Growing Weed on Lord Clitheroe’s Estate

Growing Weed on Lord Clitheroe’s Estate

For those checking in for tips on outdoor marijuana cultivation, I’m sorry to disappoint. The weed in question here is Himalayan balsam: introduced into parks and gardens by Victorians with a penchant for the exotic, only to rapidly spread along the country’s arteries; the railways, canals, rivers and roads choking the embankments the length and breadth of the country. Around here each summer the river banks are garlanded in their pink flowers. They are non-native, invasive and extremely resilient, with all attempts to eradicate them having had little or no effect and like the rhododendrons are here to stay.

Which got me thinking about what constitutes a native and how long does it take to belong?

It’s a valid question with Brexit upon us and people who have lived and worked here for many years being made to feel as if they don’t really belong. Likewise, the Windrush scandal had the Home Office deporting people back to Britain’s former colony of Jamaica despite having lived here for fifty years. Their residence deemed temporary, while the South Asian community in British Uganda held British passports and were allowed to settle permanently. It seems arbitrary to say the least.

When it comes to flora and fauna the definition is quite specific, with the cut off point for native species being the erosion of the land bridge, separating us from continental Europe at the end of the last Ice Age. Alder and badgers are in, sycamore and brown hares, out – along with ourselves. We, the English/British are not the descendants of those ice age hunter-gatherers, left behind when the seas rose. We are the descendants of migrants from northern and southern Europe who came here and settled in the intervening years. The term Anglo-Saxon was loosely coined to describe the indigenous population after the Norman Conquest. Celts, Saxons, Jutes, Angles, Vikings, descendants of Roman auxiliary troops from Spain, Croatia, Romania. Groups that had over time formed a nation and a common language.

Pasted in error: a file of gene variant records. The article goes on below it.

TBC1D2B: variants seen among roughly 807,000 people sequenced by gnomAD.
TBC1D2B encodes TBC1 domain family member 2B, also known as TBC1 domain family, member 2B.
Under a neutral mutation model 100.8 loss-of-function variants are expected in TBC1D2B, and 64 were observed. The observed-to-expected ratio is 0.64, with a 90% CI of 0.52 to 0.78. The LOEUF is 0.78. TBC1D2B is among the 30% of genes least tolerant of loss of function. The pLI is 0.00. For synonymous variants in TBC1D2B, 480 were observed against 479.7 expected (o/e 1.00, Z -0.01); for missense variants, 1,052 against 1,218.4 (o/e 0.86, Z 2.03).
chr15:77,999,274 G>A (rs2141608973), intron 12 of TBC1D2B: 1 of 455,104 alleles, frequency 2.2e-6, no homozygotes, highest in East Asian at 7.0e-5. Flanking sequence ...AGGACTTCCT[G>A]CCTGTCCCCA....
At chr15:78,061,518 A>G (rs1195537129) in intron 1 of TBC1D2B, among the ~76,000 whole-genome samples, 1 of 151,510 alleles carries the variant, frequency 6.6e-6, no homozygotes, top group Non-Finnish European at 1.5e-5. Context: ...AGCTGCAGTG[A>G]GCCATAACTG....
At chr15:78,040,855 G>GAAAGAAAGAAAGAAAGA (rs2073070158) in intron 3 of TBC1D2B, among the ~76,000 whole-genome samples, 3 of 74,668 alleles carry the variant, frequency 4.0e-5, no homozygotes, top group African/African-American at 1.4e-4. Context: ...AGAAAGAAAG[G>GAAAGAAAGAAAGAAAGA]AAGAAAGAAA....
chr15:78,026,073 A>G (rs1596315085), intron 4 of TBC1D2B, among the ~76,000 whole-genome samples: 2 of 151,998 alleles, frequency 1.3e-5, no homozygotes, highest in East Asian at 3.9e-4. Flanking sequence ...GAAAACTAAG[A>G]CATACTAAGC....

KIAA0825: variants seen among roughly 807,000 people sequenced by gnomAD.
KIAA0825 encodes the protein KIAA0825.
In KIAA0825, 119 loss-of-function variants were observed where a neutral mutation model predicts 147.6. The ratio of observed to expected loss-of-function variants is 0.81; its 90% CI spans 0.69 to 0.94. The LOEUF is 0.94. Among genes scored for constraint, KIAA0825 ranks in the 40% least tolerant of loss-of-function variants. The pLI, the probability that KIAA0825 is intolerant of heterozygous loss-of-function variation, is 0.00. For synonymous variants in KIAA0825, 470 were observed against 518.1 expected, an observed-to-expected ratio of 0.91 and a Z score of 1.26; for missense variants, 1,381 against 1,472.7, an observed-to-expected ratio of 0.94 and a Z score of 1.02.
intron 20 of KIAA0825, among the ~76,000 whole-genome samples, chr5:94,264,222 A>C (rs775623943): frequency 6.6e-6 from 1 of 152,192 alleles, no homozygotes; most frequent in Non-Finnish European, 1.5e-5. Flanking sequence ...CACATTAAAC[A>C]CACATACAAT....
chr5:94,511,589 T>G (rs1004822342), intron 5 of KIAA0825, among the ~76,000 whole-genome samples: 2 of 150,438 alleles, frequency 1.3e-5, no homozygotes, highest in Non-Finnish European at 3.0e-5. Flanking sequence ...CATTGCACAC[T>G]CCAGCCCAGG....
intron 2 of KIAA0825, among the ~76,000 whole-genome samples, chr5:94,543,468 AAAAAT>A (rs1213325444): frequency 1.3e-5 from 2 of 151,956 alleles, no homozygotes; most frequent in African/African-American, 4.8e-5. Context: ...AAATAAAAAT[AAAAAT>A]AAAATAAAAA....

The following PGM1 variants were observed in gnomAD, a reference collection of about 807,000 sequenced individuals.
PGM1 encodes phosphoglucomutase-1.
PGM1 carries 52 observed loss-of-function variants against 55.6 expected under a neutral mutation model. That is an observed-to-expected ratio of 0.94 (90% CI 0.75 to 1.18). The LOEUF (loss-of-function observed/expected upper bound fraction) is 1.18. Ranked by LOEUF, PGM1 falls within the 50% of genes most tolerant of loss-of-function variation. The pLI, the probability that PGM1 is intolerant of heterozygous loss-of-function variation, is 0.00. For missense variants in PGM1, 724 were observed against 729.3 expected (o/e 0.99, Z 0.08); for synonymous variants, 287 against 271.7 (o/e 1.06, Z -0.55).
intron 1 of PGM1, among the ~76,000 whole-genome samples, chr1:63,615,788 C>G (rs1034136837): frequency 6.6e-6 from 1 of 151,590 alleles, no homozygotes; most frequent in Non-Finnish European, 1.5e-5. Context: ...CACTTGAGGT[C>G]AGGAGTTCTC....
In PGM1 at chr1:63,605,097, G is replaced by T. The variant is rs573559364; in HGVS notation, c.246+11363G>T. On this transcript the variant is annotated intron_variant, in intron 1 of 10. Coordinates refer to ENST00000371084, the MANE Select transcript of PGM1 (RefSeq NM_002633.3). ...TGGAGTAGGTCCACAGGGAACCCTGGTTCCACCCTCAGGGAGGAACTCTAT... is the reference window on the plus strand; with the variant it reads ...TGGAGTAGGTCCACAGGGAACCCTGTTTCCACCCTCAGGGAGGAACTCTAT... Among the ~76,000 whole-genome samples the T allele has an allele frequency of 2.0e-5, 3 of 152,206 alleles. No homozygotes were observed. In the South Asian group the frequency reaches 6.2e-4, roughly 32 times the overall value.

In the last millennium, communities of Flemish, Jewish, German, Irish, French, Italian, African, Caribbean, Polish and near and far eastern people have settled here. It’s part of a continuity that’s been going on for thousands of years. It doesn’t dilute our culture, it is our culture. Which brings me back to what constitutes a native and who is native?

The answer in the scientific sense is none of us. The brown hare, introduced by the Romans 1800 years ago is classed as non-native, which rules out most of us. Referring to ourselves as native or non-native is pointless, where’s the cutoff point? National identity is more about a sense of belonging, of kinship and shared cultural and social values. This applies whether your family roots here go back a generation or a millennium.

To give a few examples: Nigel Farage (French), Boris Johnson (French/Turkish) The Queen (German) Mark Ward (Anglo-Saxon). And while some of us may have been here longer than others, none of us are native in the true sense; we simply belong here.

Next month: Trespassing on the Duke of Westminster’s Land

Submit a Comment

Your email address will not be published. Required fields are marked *